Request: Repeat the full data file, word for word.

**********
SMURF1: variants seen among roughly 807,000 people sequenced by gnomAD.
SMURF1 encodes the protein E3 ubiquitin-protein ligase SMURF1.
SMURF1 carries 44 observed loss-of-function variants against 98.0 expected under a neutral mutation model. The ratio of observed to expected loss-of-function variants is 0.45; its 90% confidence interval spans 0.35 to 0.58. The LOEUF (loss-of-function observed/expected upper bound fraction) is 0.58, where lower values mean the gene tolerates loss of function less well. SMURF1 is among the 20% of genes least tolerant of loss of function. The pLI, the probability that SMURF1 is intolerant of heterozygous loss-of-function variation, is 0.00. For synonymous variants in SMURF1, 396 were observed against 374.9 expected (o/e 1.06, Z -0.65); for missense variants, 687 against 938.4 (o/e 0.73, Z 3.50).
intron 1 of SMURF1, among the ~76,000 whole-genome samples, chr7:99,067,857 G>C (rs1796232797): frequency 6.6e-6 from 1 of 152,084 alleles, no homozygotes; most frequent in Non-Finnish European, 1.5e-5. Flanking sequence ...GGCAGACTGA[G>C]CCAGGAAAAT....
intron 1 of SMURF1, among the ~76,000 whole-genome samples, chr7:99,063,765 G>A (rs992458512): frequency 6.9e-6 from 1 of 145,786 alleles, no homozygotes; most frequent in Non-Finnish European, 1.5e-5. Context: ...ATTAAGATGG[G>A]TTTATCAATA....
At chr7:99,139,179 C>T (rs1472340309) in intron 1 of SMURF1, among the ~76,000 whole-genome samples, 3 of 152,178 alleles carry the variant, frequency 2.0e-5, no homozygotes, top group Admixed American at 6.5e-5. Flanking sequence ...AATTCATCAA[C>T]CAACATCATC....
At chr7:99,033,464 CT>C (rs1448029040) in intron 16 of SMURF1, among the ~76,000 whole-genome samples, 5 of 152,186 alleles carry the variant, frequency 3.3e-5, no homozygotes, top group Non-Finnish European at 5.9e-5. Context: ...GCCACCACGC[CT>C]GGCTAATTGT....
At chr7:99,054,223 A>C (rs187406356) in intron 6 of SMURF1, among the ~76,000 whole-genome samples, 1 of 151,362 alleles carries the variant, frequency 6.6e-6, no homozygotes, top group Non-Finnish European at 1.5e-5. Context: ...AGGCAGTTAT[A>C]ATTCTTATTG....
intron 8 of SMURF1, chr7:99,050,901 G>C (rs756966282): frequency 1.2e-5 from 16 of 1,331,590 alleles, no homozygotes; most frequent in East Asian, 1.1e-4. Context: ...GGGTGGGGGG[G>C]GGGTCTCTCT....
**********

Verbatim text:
SMURF1: variants seen among roughly 807,000 people sequenced by gnomAD.
SMURF1 encodes the protein E3 ubiquitin-protein ligase SMURF1.
SMURF1 carries 44 observed loss-of-function variants against 98.0 expected under a neutral mutation model. The ratio of observed to expected loss-of-function variants is 0.45; its 90% confidence interval spans 0.35 to 0.58. The LOEUF (loss-of-function observed/expected upper bound fraction) is 0.58, where lower values mean the gene tolerates loss of function less well. SMURF1 is among the 20% of genes least tolerant of loss of function. The pLI, the probability that SMURF1 is intolerant of heterozygous loss-of-function variation, is 0.00. For synonymous variants in SMURF1, 396 were observed against 374.9 expected (o/e 1.06, Z -0.65); for missense variants, 687 against 938.4 (o/e 0.73, Z 3.50).
intron 1 of SMURF1, among the ~76,000 whole-genome samples, chr7:99,067,857 G>C (rs1796232797): frequency 6.6e-6 from 1 of 152,084 alleles, no homozygotes; most frequent in Non-Finnish European, 1.5e-5. Flanking sequence ...GGCAGACTGA[G>C]CCAGGAAAAT....
intron 1 of SMURF1, among the ~76,000 whole-genome samples, chr7:99,063,765 G>A (rs992458512): frequency 6.9e-6 from 1 of 145,786 alleles, no homozygotes; most frequent in Non-Finnish European, 1.5e-5. Context: ...ATTAAGATGG[G>A]TTTATCAATA....
At chr7:99,139,179 C>T (rs1472340309) in intron 1 of SMURF1, among the ~76,000 whole-genome samples, 3 of 152,178 alleles carry the variant, frequency 2.0e-5, no homozygotes, top group Admixed American at 6.5e-5. Flanking sequence ...AATTCATCAA[C>T]CAACATCATC....
At chr7:99,033,464 CT>C (rs1448029040) in intron 16 of SMURF1, among the ~76,000 whole-genome samples, 5 of 152,186 alleles carry the variant, frequency 3.3e-5, no homozygotes, top group Non-Finnish European at 5.9e-5. Context: ...GCCACCACGC[CT>C]GGCTAATTGT....
At chr7:99,054,223 A>C (rs187406356) in intron 6 of SMURF1, among the ~76,000 whole-genome samples, 1 of 151,362 alleles carries the variant, frequency 6.6e-6, no homozygotes, top group Non-Finnish European at 1.5e-5. Context: ...AGGCAGTTAT[A>C]ATTCTTATTG....
intron 8 of SMURF1, chr7:99,050,901 G>C (rs756966282): frequency 1.2e-5 from 16 of 1,331,590 alleles, no homozygotes; most frequent in East Asian, 1.1e-4. Context: ...GGGTGGGGGG[G>C]GGGTCTCTCT....